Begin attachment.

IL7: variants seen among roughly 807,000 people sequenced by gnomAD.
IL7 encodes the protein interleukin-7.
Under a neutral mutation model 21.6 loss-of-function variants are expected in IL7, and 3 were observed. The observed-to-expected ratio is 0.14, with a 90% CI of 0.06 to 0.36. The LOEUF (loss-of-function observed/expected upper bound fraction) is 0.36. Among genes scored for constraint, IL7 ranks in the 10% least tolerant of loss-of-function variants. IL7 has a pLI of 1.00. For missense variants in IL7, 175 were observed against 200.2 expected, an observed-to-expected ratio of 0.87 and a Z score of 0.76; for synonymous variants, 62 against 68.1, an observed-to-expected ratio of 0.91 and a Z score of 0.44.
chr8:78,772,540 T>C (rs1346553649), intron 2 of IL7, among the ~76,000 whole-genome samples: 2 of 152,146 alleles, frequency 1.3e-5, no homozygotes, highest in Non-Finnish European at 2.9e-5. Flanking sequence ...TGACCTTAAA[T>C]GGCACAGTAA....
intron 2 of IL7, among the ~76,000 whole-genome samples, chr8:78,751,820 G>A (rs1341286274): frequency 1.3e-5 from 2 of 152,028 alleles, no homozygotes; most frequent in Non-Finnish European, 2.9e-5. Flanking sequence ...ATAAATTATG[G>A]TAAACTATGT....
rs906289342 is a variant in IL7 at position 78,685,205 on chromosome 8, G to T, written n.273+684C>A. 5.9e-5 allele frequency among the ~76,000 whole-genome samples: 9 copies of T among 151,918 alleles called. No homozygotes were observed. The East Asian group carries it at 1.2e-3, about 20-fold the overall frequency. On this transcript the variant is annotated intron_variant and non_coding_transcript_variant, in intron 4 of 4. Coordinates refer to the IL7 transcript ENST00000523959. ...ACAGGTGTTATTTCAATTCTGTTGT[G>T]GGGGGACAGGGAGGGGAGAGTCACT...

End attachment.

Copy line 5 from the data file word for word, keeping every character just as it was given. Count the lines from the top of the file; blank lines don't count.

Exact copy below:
intron 2 of IL7, among the ~76,000 whole-genome samples, chr8:78,751,820 G>A (rs1341286274): frequency 1.3e-5 from 2 of 152,028 alleles, no homozygotes; most frequent in Non-Finnish European, 2.9e-5. Flanking sequence ...ATAAATTATG[G>A]TAAACTATGT....